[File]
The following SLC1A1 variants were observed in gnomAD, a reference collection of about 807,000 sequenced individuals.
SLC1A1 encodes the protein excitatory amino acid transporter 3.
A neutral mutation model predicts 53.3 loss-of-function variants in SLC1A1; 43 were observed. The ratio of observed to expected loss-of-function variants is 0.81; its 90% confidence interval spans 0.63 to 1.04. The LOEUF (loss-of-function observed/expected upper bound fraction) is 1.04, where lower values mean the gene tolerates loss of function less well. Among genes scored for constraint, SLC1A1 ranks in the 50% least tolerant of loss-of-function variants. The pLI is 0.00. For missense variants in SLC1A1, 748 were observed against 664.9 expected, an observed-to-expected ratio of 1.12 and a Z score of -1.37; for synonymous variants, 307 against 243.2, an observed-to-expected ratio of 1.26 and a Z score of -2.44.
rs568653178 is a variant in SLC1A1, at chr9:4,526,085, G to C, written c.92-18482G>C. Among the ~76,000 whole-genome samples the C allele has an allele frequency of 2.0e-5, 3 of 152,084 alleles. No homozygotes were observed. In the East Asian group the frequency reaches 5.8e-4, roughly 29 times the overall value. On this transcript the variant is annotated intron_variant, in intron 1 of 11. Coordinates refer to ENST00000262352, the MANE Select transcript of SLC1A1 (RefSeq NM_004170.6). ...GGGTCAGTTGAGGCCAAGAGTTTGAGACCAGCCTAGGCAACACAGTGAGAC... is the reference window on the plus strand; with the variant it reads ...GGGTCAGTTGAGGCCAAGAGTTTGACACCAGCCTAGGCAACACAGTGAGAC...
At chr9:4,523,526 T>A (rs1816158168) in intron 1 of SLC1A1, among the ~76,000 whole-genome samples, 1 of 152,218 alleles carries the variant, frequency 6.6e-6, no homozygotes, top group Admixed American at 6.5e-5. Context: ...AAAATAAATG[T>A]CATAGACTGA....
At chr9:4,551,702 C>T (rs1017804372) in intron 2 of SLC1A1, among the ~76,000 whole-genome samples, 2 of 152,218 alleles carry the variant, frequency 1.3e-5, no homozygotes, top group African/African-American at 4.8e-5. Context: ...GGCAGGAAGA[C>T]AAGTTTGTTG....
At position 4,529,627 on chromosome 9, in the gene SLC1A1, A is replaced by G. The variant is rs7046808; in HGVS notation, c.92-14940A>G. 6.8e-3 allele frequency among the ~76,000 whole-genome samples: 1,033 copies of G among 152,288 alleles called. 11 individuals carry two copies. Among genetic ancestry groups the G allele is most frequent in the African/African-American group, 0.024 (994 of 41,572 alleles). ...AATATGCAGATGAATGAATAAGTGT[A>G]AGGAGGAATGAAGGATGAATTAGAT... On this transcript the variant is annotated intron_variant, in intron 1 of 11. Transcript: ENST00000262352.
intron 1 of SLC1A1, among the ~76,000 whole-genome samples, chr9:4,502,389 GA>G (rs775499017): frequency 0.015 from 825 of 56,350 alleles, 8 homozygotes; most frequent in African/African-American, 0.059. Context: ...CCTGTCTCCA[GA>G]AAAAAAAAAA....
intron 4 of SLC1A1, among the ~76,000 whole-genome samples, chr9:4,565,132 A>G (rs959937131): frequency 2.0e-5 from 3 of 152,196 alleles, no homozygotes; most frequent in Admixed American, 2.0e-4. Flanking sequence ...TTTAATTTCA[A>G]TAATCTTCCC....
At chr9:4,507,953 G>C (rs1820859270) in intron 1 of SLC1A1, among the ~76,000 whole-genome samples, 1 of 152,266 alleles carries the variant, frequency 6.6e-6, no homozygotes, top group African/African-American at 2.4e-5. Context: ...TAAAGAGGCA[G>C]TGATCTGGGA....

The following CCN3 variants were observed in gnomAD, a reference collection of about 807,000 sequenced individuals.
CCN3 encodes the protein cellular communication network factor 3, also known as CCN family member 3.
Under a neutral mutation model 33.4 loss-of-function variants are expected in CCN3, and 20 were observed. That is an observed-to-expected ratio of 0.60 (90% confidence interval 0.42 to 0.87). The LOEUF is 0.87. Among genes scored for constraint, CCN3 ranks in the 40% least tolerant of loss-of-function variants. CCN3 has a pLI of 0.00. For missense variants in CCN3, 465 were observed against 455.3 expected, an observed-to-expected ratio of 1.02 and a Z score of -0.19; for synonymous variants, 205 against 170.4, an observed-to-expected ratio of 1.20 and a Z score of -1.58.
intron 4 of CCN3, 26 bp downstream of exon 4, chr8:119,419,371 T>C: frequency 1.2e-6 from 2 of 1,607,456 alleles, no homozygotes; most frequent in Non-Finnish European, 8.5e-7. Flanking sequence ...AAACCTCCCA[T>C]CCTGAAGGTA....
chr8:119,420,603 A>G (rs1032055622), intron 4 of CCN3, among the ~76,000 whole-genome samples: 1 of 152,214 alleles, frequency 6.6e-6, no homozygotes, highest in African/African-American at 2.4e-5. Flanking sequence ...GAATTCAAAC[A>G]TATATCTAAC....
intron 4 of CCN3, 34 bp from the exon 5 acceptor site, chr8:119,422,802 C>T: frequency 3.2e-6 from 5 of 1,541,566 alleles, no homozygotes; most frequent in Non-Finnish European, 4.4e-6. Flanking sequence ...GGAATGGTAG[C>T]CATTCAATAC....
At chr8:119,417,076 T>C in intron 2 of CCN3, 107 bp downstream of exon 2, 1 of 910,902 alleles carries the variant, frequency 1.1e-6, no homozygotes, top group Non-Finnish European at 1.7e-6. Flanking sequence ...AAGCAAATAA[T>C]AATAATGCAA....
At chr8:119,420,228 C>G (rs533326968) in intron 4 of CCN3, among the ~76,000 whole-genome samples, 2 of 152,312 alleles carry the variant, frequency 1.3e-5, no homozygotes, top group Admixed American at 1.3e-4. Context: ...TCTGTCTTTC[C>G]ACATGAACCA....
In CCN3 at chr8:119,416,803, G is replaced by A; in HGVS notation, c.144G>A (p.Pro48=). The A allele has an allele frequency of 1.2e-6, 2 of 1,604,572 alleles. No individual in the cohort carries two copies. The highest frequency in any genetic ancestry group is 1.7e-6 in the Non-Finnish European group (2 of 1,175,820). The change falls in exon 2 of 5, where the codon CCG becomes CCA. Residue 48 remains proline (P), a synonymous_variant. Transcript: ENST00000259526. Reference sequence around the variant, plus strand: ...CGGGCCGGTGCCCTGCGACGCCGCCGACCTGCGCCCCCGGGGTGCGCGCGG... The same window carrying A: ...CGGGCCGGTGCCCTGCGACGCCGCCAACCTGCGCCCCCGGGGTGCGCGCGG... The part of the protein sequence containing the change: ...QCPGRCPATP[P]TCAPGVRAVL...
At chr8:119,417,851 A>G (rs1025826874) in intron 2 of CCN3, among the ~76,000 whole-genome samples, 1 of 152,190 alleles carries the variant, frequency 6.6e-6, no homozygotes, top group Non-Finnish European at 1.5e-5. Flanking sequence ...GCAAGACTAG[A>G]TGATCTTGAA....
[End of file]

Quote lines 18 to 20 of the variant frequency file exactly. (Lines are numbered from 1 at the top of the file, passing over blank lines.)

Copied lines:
At chr8:119,420,228 C>G (rs533326968) in intron 4 of CCN3, among the ~76,000 whole-genome samples, 2 of 152,312 alleles carry the variant, frequency 1.3e-5, no homozygotes, top group Admixed American at 1.3e-4. Context: ...TCTGTCTTTC[C>G]ACATGAACCA....
In CCN3 at chr8:119,416,803, G is replaced by A; in HGVS notation, c.144G>A (p.Pro48=). The A allele has an allele frequency of 1.2e-6, 2 of 1,604,572 alleles. No individual in the cohort carries two copies. The highest frequency in any genetic ancestry group is 1.7e-6 in the Non-Finnish European group (2 of 1,175,820). The change falls in exon 2 of 5, where the codon CCG becomes CCA. Residue 48 remains proline (P), a synonymous_variant. Transcript: ENST00000259526. Reference sequence around the variant, plus strand: ...CGGGCCGGTGCCCTGCGACGCCGCCGACCTGCGCCCCCGGGGTGCGCGCGG... The same window carrying A: ...CGGGCCGGTGCCCTGCGACGCCGCCAACCTGCGCCCCCGGGGTGCGCGCGG... The part of the protein sequence containing the change: ...QCPGRCPATP[P]TCAPGVRAVL...
At chr8:119,417,851 A>G (rs1025826874) in intron 2 of CCN3, among the ~76,000 whole-genome samples, 1 of 152,190 alleles carries the variant, frequency 6.6e-6, no homozygotes, top group Non-Finnish European at 1.5e-5. Flanking sequence ...GCAAGACTAG[A>G]TGATCTTGAA....